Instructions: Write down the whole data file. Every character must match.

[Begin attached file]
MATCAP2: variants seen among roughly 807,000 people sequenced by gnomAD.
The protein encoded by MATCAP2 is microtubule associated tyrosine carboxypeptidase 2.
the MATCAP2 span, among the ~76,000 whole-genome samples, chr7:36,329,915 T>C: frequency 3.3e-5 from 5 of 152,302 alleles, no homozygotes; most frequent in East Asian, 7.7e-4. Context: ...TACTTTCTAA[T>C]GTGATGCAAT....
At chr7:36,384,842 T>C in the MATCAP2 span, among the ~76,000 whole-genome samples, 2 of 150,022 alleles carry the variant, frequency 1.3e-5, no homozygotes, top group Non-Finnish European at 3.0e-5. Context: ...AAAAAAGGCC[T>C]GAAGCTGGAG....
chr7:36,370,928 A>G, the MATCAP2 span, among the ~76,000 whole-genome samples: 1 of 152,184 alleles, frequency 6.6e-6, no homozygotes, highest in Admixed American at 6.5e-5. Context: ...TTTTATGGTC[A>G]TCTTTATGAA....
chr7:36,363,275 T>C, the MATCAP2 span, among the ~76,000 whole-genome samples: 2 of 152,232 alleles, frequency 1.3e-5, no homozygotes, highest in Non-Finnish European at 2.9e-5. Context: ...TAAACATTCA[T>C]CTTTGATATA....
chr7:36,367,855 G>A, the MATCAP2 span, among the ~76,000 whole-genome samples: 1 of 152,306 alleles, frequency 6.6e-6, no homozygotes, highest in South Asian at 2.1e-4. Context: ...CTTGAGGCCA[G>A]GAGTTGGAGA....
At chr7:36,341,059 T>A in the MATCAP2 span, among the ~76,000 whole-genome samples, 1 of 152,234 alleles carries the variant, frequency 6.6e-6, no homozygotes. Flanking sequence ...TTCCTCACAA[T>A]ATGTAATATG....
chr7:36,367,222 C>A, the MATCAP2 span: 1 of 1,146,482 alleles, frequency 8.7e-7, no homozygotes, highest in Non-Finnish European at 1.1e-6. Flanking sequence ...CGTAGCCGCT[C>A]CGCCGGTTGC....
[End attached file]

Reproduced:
MATCAP2: variants seen among roughly 807,000 people sequenced by gnomAD.
The protein encoded by MATCAP2 is microtubule associated tyrosine carboxypeptidase 2.
the MATCAP2 span, among the ~76,000 whole-genome samples, chr7:36,329,915 T>C: frequency 3.3e-5 from 5 of 152,302 alleles, no homozygotes; most frequent in East Asian, 7.7e-4. Context: ...TACTTTCTAA[T>C]GTGATGCAAT....
At chr7:36,384,842 T>C in the MATCAP2 span, among the ~76,000 whole-genome samples, 2 of 150,022 alleles carry the variant, frequency 1.3e-5, no homozygotes, top group Non-Finnish European at 3.0e-5. Context: ...AAAAAAGGCC[T>C]GAAGCTGGAG....
chr7:36,370,928 A>G, the MATCAP2 span, among the ~76,000 whole-genome samples: 1 of 152,184 alleles, frequency 6.6e-6, no homozygotes, highest in Admixed American at 6.5e-5. Context: ...TTTTATGGTC[A>G]TCTTTATGAA....
chr7:36,363,275 T>C, the MATCAP2 span, among the ~76,000 whole-genome samples: 2 of 152,232 alleles, frequency 1.3e-5, no homozygotes, highest in Non-Finnish European at 2.9e-5. Context: ...TAAACATTCA[T>C]CTTTGATATA....
chr7:36,367,855 G>A, the MATCAP2 span, among the ~76,000 whole-genome samples: 1 of 152,306 alleles, frequency 6.6e-6, no homozygotes, highest in South Asian at 2.1e-4. Context: ...CTTGAGGCCA[G>A]GAGTTGGAGA....
At chr7:36,341,059 T>A in the MATCAP2 span, among the ~76,000 whole-genome samples, 1 of 152,234 alleles carries the variant, frequency 6.6e-6, no homozygotes. Flanking sequence ...TTCCTCACAA[T>A]ATGTAATATG....
chr7:36,367,222 C>A, the MATCAP2 span: 1 of 1,146,482 alleles, frequency 8.7e-7, no homozygotes, highest in Non-Finnish European at 1.1e-6. Flanking sequence ...CGTAGCCGCT[C>A]CGCCGGTTGC....